Hillary Clinton Gave Her Most Outspoken Interview Since The Election Yet

Photo: Noam Galai/WireImage.
Less than a week after delivering the commencement address at her alma mater, Wellesley College, Hillary Clinton took to the stage in Rancho Palos Verdes, California, to speak at the Code Conference.
The annual, three-day event is an invitation-only affair hosted by Kara Swisher and Walt Mossberg, founders of tech news site Recode, that brings together top industry execs and public figures. In addition to Clinton, this year's speakers included Senator Kamala Harris, Planned Parenthood president Cecile Richards, and Netflix founder and CEO Reed Hastings.
In her conversation with Swisher and Mossberg, Clinton was perhaps the most outspoken she's been since the end of the 2016 election, broaching previously uncharted subjects like what she really thought about Russia's involvement in the election, Facebook's role in the fake news scandal, and where we go from here. Overall, the conversation focused on the ways that tech was weaponized in the 2016 election in ways that it never has been before — and the lessons that we need to take from this.
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Ahead, some key points from the discussion.
On Those Deleted Emails
Clinton called the deleted email scandal "the biggest nothing-burger ever," saying that though it was a mistake and that people could judge her for it, "the way it was used was very damaging."
She believes that the way the email scandal was reignited (by former FBI director James Comey) toward the end of the campaign was the major reason that she lost. "It was always a hard issue to put to bed," she said.
On Fake News — & Who Was Behind It
Clinton made a strong distinction between how her campaign was attempting to reach voters and how the Trump campaign aimed at reaching voters. "What we thought we were doing was going to Obama 3.0 — better targeting, better messaging," Clinton said. "The other side was using content that was just flat out false and delivering it in a very personalized way."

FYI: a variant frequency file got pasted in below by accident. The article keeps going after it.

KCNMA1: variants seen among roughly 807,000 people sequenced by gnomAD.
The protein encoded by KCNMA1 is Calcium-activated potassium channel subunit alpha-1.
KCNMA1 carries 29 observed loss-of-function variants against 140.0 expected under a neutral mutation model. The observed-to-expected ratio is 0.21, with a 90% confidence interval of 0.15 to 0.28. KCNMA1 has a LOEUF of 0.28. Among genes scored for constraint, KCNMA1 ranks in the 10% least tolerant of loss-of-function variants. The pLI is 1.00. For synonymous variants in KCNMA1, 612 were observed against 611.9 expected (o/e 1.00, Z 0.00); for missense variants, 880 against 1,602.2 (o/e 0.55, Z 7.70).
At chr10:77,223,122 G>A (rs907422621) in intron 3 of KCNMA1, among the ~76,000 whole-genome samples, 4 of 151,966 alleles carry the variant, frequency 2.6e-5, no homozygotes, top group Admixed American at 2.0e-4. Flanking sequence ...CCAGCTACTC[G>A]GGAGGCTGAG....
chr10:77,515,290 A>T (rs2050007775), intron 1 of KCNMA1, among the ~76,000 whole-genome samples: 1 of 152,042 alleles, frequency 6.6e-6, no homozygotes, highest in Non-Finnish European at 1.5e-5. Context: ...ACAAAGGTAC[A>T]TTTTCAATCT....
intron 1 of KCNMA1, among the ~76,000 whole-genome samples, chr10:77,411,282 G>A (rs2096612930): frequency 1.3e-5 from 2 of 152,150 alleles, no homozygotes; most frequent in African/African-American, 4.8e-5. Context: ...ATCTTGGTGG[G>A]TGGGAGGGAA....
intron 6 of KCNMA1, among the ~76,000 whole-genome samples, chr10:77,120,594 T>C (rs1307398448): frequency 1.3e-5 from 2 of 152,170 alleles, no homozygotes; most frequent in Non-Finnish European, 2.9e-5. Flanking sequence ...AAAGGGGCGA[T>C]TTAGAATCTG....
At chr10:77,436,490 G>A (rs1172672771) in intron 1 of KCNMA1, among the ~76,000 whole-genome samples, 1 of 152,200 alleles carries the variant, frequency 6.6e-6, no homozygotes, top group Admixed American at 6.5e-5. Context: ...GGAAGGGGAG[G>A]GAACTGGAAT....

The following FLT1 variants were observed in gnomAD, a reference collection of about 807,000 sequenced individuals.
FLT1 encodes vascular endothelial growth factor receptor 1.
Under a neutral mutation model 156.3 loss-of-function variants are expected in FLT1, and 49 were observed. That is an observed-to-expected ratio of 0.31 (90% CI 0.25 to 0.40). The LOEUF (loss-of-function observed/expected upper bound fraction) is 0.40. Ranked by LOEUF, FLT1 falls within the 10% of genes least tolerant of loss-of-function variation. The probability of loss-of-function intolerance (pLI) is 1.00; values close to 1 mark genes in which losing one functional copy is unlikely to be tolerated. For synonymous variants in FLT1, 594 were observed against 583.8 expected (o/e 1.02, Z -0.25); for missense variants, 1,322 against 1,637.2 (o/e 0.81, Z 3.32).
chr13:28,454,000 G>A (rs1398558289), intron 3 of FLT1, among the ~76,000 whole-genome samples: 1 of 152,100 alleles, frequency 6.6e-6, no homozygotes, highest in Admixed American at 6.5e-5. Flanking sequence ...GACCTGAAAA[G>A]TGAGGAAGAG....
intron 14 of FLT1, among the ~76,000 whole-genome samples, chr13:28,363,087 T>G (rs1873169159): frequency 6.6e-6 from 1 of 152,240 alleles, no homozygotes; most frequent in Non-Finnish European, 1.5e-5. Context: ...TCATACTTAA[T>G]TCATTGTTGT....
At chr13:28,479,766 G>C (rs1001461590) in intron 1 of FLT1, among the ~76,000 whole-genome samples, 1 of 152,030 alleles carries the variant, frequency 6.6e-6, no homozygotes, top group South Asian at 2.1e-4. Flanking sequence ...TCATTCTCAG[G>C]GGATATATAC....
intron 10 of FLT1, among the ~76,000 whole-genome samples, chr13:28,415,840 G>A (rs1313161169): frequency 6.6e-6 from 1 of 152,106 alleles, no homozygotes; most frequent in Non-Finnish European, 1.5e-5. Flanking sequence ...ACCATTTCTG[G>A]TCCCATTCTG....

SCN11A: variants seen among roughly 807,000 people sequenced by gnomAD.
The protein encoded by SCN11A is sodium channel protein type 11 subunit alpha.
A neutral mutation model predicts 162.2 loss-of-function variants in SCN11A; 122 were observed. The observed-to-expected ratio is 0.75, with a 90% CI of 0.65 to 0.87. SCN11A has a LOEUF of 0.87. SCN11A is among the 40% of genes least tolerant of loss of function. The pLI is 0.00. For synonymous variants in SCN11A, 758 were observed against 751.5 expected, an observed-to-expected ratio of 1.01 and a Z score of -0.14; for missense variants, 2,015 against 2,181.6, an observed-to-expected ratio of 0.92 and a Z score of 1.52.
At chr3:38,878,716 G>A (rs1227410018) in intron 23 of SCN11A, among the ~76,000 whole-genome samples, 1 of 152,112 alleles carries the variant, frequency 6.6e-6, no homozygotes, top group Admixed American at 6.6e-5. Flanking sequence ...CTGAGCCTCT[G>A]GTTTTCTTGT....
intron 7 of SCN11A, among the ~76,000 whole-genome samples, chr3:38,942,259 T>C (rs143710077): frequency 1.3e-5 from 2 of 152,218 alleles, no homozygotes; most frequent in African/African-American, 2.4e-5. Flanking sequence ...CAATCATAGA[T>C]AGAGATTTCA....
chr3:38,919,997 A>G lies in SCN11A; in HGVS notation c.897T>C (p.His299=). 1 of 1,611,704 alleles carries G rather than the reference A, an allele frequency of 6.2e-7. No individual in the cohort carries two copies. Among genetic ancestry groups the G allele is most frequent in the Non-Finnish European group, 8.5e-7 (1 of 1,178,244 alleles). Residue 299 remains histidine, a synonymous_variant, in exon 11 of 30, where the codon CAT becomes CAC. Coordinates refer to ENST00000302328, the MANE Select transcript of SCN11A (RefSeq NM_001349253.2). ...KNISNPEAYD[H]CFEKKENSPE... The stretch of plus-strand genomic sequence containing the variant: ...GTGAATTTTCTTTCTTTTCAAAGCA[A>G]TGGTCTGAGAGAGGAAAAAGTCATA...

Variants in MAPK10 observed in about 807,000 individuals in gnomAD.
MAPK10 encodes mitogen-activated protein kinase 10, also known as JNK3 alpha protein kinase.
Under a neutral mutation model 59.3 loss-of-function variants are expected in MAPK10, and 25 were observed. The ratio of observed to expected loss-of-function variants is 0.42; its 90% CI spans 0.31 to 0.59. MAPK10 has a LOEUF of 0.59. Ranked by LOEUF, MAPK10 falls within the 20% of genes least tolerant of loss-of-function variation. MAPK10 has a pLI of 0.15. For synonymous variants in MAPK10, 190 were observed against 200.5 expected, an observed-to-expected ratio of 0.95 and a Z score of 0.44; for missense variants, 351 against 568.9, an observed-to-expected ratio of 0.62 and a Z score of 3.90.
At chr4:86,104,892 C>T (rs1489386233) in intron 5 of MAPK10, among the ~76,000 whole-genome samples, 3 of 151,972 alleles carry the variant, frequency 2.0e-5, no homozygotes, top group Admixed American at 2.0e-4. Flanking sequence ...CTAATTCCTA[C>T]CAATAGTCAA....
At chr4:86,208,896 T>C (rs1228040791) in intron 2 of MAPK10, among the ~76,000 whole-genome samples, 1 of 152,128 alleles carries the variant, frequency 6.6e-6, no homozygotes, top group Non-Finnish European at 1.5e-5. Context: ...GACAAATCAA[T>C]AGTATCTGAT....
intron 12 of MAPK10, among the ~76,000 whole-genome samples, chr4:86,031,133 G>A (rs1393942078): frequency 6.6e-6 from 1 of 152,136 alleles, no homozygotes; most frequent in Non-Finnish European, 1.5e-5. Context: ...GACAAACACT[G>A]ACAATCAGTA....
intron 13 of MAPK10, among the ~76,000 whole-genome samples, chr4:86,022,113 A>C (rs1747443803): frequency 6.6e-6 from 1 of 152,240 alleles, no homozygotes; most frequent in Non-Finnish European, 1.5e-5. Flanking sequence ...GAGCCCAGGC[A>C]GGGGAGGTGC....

Clinton said that her campaign was having conversations with Facebook, and that she wasn't sure how much the social network could have been doing in real-time to combat fake news. However, she also acknowledged that she could see how people could believe the fake news that they were seeing on the platform. "Facebook has got to get back to trying to curate more effectively," she said. "If you looked at Facebook, the majority of the 'news' items that were posted were fake. They were connected to the 1000 Russian agents involved in delivering those messages, they were the bots...it was such a new experience. I understand why people on Facebook would [see that and] think, 'Oh Hillary Clinton did that. I did not know that.'"
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On Campaigning As A Woman
"At some point, it bleeds over into misogyny," Clinton said. "People who have a set of expectations about who should be president and what a president should look like will be much more critical of someone who doesn't look and sound like [that]."
Clinton compared the air-time that was given to discussing policy in 2016 to that of 2008. Whereas Obama and McCain got over 200 minutes, she said, just over 30 minutes was given to policy discussions in the 2016 presidential campaign, "despite my best effort." She also noted the difference in how positively male speakers are received when they get on stage and rally the crowd with their anger, saying that when she has tried to do the same, it hasn't worked as well.
"As a man gets more successful, regardless of his personality, he gets more likable," Clinton said. "As a woman gets more successful, regardless of her personality, she gets less likable. It's inverse."
On Russia
The bulk of Clinton's discussion with Swisher and Mossberg was focused on Russia and its role in the election. "I think it's fair to ask how did [the Russians] actually influence the campaign and how did they know what messages to deliver [to people]," Clinton said. "The Russians, in my opinion, could not have known how best to use that information, unless they were guided by Americans."
She said that she believes this help came from individuals with ties to Trump.
On President Trump's Behavior
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When asked what she thought about Trump's behavior and his appeal to people, Clinton said that Trump knows how to connect with people over what angers them.
"The behavior we're seeing was always present but always subordinate to real estate interests," she said. "He does have a visceral grasp of America's political underbelly. He really understands how to inflame people, how to bond with them over whatever their grievance is."
On Where We Go From Here
"I take responsibility for every decision that I made, but that's not why I lost," Clinton said. "I think it's important that we learn real lessons from this last campaign."
She emphasized that what happened in the 2016 election goes far beyond any personal grievances Putin might hold against her. "When Comey did testify before being fired, he was asked are the Russians still involved and he said yes, why wouldn't they be?" Clinton said. "Putin wants to bring us down."
She noted that she took comfort seeing that Emmanuel Macron was ready when he faced similar circumstances in the French election.
And As For "Covfefe..."
"I thought it was a hidden message to the Russians," Clinton joked.
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